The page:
Cumberland Rout Revived Football in South

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Even though it took place 100 years ago, there is a college football game that continues to be mentioned every year by virtually every sportscaster, sportswriter and sports trivia fan — the 222-0 defeat of Cumberland University by Georgia Tech on Oct. 7, 1916 — the worst thrashing ever recorded in college football.

The coach for Georgia Tech was the legendary John Heisman. One might assume the effect of this game would be disastrous for Cumberland University, a small, private university in Lebanon, Tenn., but instead the game preserved the school, and landed Southern football on the map.

“Until this game was played, nobody paid much attention to football in the South,” said Sam Hatcher, a Cumberland University alumnus and author who recently released the book, Heisman’s First Trophy: The Game that Launched Football in the South.

“Football was identified with the Northeast, and suddenly, news broke of this lopsided game, which took place in Atlanta, and people realized there was credible football being played in the South," Hatcher noted.

The reasons behind Cumberland’s trouncing are intriguing, but one major factor was that Cumberland did not have a football team at the time. A new president of the university had cut football prior to the 1916 season because the school was in dire straits financially.

Football had been part of Cumberland University since 1894, the year when the forerunner to the Southeastern and Atlantic Coast conferences was formed called the Southern Intercollegiate Athletic Association.

In the early 1900s, Cumberland had been quite competitive on the gridiron defeating teams such as LSU, Vanderbilt, Tulane and Alabama.Back then, student managers of athletic teams were in charge of scheduling games, qualifying players and generally performing duties assumed today by college athletic directors. George E. Allen (no relation to the later famous coach), who was the student manager of Cumberland’s baseball team, became the newly-appointed student manager of the football team. One of his first primary responsibilities was to cancel the games scheduled for the 1916 season. He did just that except for one team he inadvertently overlooked, Georgia Tech.

John Heisman demanded the game be played and gave Cumberland an ultimatum. Either play as agreed or pay a forfeiting fee of $3,000 ($69,000 in today’s dollars). As an incentive to the struggling team, he reportedly offered Cumberland $500 if they played.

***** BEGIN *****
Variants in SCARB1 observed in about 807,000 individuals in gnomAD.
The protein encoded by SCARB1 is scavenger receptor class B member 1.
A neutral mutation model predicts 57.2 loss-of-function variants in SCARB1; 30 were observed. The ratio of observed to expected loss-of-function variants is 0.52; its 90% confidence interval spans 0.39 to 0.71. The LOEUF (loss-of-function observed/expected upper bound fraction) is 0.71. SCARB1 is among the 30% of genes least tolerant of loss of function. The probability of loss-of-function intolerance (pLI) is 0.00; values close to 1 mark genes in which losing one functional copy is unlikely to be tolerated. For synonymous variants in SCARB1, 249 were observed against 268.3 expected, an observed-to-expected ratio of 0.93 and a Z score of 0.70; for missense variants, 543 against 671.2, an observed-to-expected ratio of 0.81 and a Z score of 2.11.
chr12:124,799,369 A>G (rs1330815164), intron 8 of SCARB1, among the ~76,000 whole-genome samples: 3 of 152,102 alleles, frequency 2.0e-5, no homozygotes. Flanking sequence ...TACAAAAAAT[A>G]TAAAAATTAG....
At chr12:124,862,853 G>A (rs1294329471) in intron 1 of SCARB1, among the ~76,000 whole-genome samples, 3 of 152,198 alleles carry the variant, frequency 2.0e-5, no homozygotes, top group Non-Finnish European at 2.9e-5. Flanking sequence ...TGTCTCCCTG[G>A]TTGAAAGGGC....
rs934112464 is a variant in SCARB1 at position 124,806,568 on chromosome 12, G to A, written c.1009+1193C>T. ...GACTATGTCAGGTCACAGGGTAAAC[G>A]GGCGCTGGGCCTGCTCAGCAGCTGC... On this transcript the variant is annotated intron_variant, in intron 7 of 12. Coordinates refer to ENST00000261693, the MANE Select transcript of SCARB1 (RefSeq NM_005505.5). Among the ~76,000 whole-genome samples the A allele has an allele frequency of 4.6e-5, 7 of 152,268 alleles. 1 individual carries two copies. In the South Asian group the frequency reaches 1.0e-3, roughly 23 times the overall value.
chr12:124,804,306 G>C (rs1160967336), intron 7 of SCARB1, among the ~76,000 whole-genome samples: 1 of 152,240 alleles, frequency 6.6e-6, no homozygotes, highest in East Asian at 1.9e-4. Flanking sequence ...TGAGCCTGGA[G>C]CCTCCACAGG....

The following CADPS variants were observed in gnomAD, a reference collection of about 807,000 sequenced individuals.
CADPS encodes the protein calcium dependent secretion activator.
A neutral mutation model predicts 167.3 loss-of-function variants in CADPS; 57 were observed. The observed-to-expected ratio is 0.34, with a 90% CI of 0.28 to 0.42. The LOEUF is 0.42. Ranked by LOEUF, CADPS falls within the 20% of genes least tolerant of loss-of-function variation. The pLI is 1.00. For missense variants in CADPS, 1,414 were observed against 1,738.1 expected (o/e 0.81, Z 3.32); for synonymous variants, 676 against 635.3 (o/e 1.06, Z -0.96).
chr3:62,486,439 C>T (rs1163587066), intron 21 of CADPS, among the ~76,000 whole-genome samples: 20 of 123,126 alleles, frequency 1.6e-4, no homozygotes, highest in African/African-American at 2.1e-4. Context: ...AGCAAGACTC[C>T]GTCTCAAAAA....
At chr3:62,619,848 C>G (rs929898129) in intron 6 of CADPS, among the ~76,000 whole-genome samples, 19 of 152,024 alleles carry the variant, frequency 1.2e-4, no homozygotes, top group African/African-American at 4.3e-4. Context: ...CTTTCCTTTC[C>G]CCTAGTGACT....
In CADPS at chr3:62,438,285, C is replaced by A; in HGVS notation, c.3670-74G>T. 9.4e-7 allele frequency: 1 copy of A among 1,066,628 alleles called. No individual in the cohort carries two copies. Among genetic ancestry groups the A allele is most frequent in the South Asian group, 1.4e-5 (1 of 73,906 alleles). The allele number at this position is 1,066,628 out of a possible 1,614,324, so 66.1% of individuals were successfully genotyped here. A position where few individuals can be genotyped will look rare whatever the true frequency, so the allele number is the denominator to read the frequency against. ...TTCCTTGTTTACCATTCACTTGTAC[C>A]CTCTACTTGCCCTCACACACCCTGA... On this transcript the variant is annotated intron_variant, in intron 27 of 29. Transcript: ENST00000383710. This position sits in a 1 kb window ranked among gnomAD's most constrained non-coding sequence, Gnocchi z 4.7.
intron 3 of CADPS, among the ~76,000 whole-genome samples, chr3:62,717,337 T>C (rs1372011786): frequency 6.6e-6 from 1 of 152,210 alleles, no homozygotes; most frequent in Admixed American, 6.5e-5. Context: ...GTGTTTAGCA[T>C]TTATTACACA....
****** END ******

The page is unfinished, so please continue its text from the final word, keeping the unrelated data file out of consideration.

Heisman was also Georgia Tech’s baseball coach, and in the spring of 1916 Cumberland had beaten his nationally ranked baseball team 22-0. The rumor was that Cumberland had filled the team with semi-professional players, and because of that Heisman vowed to get revenge.

Thanks to Allen, Cumberland was able to make good on its original promise to play the game. Since there was no formal team, Allen talked 13 members of his Kappa Sigma fraternity into playing, preaching that it would be a valiant effort to save their beloved school.

Georgia Tech scored on its first play. Cumberland fumbled on the next play, and Tech returned the Bulldogs bobble for a touchdown. Cumberland fumbled again on its first play, and Tech scored two plays later. And so the game continued. At halftime the score was 126-0. There were no first downs in the entire game. According to Hatcher, a Cumberland player hid on the Georgia Tech sideline so he wouldn’t have to go in the game.

The Atlanta Journal published, “As a general rule, the only thing necessary for a touchdown was to give a Tech back the ball and holler, ‘Here he comes’ and ‘There he goes.’ ” Georgia Tech went on to become the 1916 Southern Intercollegiate Athletic Association champions and the next year won its first national championship.

Paul Stumb, president of Cumberland University, which is celebrating its 175th anniversary, does not shy away from talking about the infamous game.

“It’s part of our 175-year history. There’s a certain amount of pride Cumberland University has in that game. Really, it exemplifies the spirit of Cumberland,” he explained noting that 70 years before the game, the school had encountered and overcome much worse defeats, albeit not on the football field.

“The university was burned down during the Civil War, but was not defeated and was rebuilt. As educators, it is our job to teach, and demonstrate in this case, that you do your best with what you’ve got, and carry on. Learn from your mistakes and do better next time.”

Hatcher believes the backstory of the game will surprise readers, especially about his alma mater’s connection with John Heisman.

“Most people don’t realize that because of this game, Cumberland University should be largely credited with making football in the South relative and certainly with helping Georgia Tech be recognized nationally so it could capture its first national championship,” he reasons.

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